I can’t go to church today

I am a Christian, specifically an Episcopalian.

For those not familiar with the Episcopal Church, it is the American descendant of the Church of England, i.e. the Anglican Church. Traditionally, the Episcopal Church has been a liturgical church. A liturgical church focus on the actual worship rather than on contentious statements or “confessions” of faith. In adhering to a rigid liturgy in the Book of Common Prayer, the Episcopal church has been better than most at avoiding arguments about doctrine. All of these statements are necessarily broad brush; of course there have been exceptions.

In the past 50 years or so, the church has run off the rails. With every reform, people have left the church in droves. New hymnal? People left the church. New Book of Common Prayer? People left the church. Ordination of women? People left the church. Feminist Presiding Bishop? People left the church. Ordination of a practicing homosexual Bishop? People left the church. Performing “marriages” of homosexual couples? People left the church.

The General Convention is set to elect a new Presiding Bishop. I predict that there is a greater than even chance that the next Presiding Bishop will be a negro, elected for the specific fact alone that he is a negro.

Anyone involved in management of any going concern who took a look at such a precipitous decline in such a short period would fire those who presided over the failure, reverse their policies, and set about seeking– from a technical standpoint, not an ideological one– what is true, what works, and what is false and what doesn’t work. But that has not happened and cannot happen. The Episcopal Church cannot be saved.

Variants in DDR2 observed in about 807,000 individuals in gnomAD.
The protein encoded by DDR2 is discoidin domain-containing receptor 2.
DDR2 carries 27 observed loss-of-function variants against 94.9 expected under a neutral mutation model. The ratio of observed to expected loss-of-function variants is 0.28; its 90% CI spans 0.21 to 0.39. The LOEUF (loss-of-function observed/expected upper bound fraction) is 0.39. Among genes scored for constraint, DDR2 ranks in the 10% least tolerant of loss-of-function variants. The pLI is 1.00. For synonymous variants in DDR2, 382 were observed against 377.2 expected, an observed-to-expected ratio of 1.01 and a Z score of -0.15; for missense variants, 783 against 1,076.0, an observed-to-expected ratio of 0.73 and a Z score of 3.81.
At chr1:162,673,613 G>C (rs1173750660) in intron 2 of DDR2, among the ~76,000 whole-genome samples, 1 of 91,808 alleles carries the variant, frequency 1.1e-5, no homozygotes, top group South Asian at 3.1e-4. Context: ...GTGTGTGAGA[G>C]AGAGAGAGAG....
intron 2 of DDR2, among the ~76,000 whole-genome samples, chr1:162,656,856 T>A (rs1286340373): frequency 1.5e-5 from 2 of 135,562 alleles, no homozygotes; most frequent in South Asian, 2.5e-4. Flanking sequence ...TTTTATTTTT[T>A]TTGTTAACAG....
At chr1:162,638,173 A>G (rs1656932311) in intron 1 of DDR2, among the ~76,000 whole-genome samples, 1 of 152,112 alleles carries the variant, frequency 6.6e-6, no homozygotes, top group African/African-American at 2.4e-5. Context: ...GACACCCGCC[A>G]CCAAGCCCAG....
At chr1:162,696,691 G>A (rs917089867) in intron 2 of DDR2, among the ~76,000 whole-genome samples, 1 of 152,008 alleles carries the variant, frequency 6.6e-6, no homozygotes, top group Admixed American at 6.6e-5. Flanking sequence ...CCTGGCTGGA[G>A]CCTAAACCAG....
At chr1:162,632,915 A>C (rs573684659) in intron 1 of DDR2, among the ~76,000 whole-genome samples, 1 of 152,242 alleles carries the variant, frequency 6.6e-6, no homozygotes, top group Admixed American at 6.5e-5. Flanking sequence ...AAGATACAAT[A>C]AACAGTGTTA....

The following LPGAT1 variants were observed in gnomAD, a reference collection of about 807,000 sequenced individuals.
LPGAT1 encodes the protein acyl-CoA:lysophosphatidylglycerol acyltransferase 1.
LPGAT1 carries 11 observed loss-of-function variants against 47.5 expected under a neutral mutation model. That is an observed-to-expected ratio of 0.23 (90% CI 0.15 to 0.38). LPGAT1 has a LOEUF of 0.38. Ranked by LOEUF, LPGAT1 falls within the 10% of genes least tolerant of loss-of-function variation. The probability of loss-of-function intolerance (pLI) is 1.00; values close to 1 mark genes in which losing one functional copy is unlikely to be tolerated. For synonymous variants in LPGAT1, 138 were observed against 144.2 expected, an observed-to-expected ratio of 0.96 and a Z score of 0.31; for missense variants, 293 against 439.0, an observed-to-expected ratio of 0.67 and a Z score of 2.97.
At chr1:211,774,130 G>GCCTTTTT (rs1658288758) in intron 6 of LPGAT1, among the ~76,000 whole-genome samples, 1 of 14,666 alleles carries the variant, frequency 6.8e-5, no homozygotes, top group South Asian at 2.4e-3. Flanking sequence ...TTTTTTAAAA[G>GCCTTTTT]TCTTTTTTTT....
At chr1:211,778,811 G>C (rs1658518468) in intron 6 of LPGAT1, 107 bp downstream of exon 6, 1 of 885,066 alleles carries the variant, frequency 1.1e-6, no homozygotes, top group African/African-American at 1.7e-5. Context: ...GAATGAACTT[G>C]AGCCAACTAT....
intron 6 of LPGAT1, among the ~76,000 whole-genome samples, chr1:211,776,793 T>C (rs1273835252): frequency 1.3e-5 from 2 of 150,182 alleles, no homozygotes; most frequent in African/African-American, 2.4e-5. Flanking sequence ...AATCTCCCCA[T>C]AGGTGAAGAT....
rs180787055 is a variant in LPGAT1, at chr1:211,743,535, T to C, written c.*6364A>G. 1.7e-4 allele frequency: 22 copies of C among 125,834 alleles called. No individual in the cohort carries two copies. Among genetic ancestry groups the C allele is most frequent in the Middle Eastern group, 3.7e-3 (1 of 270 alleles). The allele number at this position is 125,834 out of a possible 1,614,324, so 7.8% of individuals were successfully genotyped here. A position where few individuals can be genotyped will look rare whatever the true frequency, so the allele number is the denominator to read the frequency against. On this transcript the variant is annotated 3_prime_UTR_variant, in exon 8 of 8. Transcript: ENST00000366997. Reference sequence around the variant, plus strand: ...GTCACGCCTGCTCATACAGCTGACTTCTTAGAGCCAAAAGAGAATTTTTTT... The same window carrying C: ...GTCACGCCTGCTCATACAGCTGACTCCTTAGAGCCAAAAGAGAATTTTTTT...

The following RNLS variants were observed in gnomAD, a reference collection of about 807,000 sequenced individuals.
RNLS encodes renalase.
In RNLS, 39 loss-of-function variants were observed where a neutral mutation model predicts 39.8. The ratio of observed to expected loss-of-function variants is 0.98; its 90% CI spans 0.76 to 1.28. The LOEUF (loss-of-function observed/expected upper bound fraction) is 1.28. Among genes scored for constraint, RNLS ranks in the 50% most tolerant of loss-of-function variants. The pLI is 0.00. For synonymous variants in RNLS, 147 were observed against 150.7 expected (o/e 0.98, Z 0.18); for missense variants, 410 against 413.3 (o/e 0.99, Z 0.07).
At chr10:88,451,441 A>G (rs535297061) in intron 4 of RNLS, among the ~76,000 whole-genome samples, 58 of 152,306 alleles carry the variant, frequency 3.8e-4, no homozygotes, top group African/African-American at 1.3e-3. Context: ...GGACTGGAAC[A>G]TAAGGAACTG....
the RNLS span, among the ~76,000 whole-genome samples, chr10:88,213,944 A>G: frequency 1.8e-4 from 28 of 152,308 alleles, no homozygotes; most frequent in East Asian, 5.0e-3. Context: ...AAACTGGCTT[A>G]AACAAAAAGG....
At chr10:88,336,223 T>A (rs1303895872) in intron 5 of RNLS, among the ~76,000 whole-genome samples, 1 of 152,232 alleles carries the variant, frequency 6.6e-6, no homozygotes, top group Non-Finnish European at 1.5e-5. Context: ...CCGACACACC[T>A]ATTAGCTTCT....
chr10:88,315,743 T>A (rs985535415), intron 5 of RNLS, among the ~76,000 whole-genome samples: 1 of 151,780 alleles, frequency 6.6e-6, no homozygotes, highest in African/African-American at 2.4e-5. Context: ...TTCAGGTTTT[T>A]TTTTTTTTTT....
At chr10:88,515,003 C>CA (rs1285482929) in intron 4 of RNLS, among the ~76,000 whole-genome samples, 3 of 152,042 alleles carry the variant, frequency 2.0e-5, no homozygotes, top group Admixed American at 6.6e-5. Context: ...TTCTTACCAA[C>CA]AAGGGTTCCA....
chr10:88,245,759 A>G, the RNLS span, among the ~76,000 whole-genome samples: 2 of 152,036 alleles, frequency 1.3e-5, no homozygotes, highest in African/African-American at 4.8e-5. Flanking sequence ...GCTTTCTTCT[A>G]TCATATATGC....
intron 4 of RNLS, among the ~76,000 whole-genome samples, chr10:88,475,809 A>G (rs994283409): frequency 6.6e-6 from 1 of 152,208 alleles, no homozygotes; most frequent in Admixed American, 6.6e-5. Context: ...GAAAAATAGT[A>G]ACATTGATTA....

It cannot be saved because it has been taken over by Leftists. I don’t have to attribute motive to them to simply observe that they have in fact destroyed the church. But I do think that is the intent of the spiritual forces they serve, if not of the people following such forces.

The church has been feminized. Last week, at a service I skipped, a priest referred to the Holy Spirit as “she.” Yes, I am aware that the Hebrew term ruach has a feminine gender (the word gender refers to words alone, despite the Leftist word games of the past 20 years or so). The analogous Greek word is pneuma, which is neuter. When St. Jerome translated the Greek into Latin, the available word was– and remains– spiritus, which is masculine. The pro-Jewish leftists intellectuals use this to support their feminizing position, and at first it looks convincing. However, it is a red herring. What Christians refer to as the Holy Spirit is not the same entity or concept referred to by the Jews as ruach. The word changes reflect a maturing concept of the Christian Trinity following the Resurrection.

From the Nicene Creed: “by the power of the Holy Spirit he became incarnate from the Virgin Mary and was made man.”

If we think of the Holy Spirit in feminine terms, there can conceptually be no Christmas story and without the Christmas story, no Christianity. Period. There is no way around that. But that doesn’t matter to the Leftist intellectuals who are in charge of the Episcopal Church because Leftism is raw, unprincipled power. It cannot be reasoned with.

Also, I am not willing to sit through another sermon by a white priest to a white congregation on the essential evils of “white privilege”, “troubled history,” and calls for disarming law-abiding citizens in the wake of the Charleston shootings. [Meanwhile, the New York Times makes no visible mention of 7 people shot at a picnic in Philadelphia or 10 people shot at a block party in Detroit. Why not? Three guesses and the first two don’t count.] It is better to stay at home and enjoy the sunshine than to make a scene by walking out.